View of Granada from the back of Alhambra (Courtesy of Yumeng Ren)
At the foot of the Sierra Nevada Mountains lies Granada, a city in southern Spain, known for its splendid architecture dating back to the Middle Ages. Beyond Sierra Nevada flows the water in Alboran Sea, whispering the legends of Al-Andalus, a historical coexistence of Muslim, Jewish and Catholic traditions in the city of Granada.
1.Tour around the city
Night scene of Granada from Alhambra. (Courtesy of Yumeng Ren)
Wandering through the maze-like alleys, people from all over the world are experiencing the peacefulness and diversity of the culture here in this Mediterranean city. On sunny days, street musicians play guitar and Arabic musical instruments on plazas, accompanied by bell rings from the Catholic churches. On rainy days, people run to local restaurants, asking for Moroccan tea and tapas. At night, Flamenco shows in small theaters with clangorous stamps strike audience’s hearts, and bars are filled with young foreign students studying in universities in Granada.
Street view of Calle de Antequeruela Alta, a road leading to Alhambra from the city center. (Courtesy of Yumeng Ren)
Moroccan tea in Granada with a sweet, mint-like taste. (Courtesy of Yumeng Ren)
Garden in Alhambra (Courtesy of Yumeng Ren)
Musician is playing Flamenco music on Plaza Victoria, Granada. His dog took a nap beside him in the warm sunshine. (Courtesy of Yumeng Ren)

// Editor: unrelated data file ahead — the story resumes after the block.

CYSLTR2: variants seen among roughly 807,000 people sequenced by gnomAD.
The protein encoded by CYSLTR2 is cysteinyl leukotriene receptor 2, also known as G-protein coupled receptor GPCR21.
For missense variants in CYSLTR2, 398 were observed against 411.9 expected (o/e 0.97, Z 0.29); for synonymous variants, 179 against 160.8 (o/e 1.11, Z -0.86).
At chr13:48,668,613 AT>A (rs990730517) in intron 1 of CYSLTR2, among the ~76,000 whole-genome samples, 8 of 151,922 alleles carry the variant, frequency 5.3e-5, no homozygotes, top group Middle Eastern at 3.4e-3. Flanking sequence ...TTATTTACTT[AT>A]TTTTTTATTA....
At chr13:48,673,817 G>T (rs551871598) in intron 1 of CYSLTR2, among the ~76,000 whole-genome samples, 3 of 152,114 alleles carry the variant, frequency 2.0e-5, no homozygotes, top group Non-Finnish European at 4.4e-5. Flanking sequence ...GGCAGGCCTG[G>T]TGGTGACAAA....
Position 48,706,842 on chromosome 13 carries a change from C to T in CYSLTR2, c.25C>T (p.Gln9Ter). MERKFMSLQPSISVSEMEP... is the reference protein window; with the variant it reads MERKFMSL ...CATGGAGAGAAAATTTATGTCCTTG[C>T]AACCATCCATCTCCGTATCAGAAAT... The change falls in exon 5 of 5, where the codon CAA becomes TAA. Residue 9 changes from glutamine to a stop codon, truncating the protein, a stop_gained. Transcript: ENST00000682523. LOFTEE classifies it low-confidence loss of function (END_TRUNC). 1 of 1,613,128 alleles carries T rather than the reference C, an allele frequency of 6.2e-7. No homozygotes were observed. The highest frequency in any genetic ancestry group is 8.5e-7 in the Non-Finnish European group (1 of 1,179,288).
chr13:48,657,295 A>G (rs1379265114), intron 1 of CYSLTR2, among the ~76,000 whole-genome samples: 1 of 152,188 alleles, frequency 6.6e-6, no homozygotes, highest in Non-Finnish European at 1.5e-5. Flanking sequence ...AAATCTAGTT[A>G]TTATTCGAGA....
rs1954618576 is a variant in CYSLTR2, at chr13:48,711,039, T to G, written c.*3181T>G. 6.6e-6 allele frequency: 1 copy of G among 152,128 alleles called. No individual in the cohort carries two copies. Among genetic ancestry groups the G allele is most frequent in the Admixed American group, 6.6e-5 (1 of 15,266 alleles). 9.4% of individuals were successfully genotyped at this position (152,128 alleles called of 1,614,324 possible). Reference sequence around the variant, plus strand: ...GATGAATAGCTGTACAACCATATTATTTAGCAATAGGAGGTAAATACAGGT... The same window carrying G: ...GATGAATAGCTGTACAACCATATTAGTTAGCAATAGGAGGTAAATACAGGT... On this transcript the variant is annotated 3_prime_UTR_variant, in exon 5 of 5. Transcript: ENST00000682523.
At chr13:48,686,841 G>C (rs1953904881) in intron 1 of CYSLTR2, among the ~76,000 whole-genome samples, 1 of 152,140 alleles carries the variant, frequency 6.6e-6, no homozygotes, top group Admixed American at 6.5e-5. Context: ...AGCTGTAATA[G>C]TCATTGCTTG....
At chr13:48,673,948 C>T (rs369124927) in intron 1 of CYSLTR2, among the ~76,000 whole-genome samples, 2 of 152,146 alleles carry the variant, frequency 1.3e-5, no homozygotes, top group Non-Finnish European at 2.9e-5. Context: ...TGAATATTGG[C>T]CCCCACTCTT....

Under the prosperity of this famous touristic city, various cultures struggle, converge and collide with each other, condensed in the mosque-turned cathedral Alhambra, the only mosque--Mezquita de Granada allowed to be built in the past 300 years, the “little Morocco” community Albayzin and Granada Cathedral in city center.
2. History and religion in Granada
Once the last strongly-held city of Moor, an empire which had ruled Spain for about 1,000 years, and a home which some Muslim and Jewish residents could never come back to after “the Reconquista” in 1492, Granada now is a very Catholic city, but with a considerable number of Muslims who work in businesses, like restaurants and souvenir shops, who are mainly from Morocco. And less than 300 Jewish residents reside there, because of the prosecution and expulsion of Jewish people after Catholic ruled Granada.
The main chapel of Granada Cathedral at the city center (Courtesy of Yumeng Ren)
Local people are worried about the rush-in of Muslims from North African countries like Morocco, since they have fear that the Muslims would take back their previous land and past glory. So, they take actions to oppress Islamic religious practice, including preventing them from building mosques and public prayer. Also, some Muslim women said that they are discriminated against and laid off from work because they wear hijabs.
However, some Muslim students from Morocco and businessmen think they can freely practice their religion in Granada and see no discrimination. Even the Islamic religion identity allows them to attract tourists as a substantial part of the colorful culture of Granada.
Two Muslim shop owners originally from Morocco pose in front of the camera with their friend in a street of Albayzin. It was 8:30 p.m. and they still welcomed tourists here in Granada. (Courtesy of Yumeng Ren)